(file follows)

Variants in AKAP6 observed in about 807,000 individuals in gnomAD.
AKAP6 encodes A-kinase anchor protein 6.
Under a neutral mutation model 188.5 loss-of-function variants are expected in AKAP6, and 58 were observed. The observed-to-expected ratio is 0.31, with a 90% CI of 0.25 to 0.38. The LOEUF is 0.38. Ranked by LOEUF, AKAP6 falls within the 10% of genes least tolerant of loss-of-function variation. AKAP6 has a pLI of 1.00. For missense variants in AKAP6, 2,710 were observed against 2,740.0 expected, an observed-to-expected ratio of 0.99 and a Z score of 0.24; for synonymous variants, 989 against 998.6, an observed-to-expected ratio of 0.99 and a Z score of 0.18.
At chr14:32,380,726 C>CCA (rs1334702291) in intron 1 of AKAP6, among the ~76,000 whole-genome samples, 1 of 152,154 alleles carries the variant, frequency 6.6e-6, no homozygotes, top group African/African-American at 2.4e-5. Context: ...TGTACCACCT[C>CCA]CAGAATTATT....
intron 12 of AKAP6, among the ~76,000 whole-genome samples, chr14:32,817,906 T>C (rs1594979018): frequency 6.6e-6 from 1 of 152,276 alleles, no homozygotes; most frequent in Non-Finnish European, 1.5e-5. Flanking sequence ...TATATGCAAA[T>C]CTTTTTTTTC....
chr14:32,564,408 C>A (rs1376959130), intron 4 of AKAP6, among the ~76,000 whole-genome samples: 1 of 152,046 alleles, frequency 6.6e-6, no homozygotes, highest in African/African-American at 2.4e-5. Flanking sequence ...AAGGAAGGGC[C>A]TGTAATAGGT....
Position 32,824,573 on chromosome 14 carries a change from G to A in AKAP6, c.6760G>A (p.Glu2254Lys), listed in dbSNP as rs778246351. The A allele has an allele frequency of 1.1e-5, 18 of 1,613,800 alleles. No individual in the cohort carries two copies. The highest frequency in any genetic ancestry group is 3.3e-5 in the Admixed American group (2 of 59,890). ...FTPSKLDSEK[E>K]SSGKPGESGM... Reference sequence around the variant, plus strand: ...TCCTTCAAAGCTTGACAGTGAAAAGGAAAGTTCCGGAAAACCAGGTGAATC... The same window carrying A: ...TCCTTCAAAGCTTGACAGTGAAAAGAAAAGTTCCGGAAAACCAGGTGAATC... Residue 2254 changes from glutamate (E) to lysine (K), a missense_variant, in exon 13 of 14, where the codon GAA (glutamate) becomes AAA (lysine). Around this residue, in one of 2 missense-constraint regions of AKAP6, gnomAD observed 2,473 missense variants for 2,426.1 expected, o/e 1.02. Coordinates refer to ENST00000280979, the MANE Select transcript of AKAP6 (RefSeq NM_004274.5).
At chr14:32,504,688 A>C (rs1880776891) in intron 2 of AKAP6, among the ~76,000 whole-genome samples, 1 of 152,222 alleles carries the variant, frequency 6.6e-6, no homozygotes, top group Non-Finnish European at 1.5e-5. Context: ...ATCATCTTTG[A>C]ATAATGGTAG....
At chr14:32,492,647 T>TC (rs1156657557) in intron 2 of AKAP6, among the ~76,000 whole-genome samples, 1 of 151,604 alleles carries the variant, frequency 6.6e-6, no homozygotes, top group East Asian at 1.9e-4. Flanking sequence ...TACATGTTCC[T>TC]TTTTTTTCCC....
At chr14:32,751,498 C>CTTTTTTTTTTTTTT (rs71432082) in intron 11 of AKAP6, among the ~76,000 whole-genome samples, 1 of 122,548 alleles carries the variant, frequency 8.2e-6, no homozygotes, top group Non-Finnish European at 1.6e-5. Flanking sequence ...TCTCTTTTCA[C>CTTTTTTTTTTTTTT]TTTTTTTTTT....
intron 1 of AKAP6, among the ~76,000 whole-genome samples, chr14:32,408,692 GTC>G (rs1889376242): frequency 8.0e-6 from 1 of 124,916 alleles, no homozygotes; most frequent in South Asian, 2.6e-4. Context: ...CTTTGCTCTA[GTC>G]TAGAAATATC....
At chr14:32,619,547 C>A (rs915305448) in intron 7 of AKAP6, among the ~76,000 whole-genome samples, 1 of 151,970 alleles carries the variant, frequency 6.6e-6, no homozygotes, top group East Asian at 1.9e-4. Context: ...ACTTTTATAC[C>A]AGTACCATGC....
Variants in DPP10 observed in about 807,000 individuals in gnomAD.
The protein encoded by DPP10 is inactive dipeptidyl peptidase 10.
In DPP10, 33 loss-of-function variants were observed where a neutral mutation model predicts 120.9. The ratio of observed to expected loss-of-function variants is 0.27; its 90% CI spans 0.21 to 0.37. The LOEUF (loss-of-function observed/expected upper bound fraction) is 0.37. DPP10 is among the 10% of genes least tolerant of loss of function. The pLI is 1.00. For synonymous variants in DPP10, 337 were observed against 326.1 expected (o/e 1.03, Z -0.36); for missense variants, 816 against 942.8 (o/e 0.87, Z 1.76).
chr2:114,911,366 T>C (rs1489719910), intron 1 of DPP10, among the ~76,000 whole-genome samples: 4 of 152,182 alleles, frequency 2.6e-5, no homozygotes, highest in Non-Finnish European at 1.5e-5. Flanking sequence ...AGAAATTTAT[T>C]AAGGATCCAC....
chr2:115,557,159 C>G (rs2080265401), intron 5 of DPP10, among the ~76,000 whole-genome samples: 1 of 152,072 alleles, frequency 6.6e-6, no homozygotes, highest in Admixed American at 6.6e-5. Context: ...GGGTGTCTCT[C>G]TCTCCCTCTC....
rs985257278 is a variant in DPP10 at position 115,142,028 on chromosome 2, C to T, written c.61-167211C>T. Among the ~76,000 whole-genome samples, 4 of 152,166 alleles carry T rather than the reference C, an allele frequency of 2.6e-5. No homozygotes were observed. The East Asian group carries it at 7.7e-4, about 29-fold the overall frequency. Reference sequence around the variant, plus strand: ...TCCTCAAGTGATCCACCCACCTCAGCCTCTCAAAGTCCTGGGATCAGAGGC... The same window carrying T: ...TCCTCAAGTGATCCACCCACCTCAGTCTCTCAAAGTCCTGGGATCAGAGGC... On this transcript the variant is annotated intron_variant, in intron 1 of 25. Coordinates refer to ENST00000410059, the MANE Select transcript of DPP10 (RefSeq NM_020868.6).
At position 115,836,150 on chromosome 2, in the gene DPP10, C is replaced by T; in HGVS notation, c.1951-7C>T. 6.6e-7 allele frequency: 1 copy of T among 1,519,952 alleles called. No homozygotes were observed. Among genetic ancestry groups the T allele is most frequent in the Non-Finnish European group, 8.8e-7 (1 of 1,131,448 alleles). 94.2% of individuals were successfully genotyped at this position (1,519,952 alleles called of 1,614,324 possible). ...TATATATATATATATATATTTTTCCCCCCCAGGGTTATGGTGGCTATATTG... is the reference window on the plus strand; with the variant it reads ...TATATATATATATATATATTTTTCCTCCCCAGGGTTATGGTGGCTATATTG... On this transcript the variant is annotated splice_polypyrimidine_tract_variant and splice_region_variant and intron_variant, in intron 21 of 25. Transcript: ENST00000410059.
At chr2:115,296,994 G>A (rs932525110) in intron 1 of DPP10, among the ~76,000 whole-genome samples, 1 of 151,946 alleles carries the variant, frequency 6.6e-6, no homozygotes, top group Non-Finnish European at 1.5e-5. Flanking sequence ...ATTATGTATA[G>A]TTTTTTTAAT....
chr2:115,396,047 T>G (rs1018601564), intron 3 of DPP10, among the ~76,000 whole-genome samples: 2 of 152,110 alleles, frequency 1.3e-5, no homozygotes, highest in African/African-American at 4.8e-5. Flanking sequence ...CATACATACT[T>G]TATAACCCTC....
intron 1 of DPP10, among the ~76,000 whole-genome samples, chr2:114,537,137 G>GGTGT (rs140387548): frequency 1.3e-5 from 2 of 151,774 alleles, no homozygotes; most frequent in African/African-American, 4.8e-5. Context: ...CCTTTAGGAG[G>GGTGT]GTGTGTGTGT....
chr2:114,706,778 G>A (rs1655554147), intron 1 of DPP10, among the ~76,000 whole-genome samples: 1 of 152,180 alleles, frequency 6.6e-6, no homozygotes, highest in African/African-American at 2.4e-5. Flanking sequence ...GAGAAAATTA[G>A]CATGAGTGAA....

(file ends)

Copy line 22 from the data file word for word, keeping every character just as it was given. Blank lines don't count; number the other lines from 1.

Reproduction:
intron 1 of DPP10, among the ~76,000 whole-genome samples, chr2:114,537,137 G>GGTGT (rs140387548): frequency 1.3e-5 from 2 of 151,774 alleles, no homozygotes; most frequent in African/African-American, 4.8e-5. Context: ...CCTTTAGGAG[G>GGTGT]GTGTGTGTGT....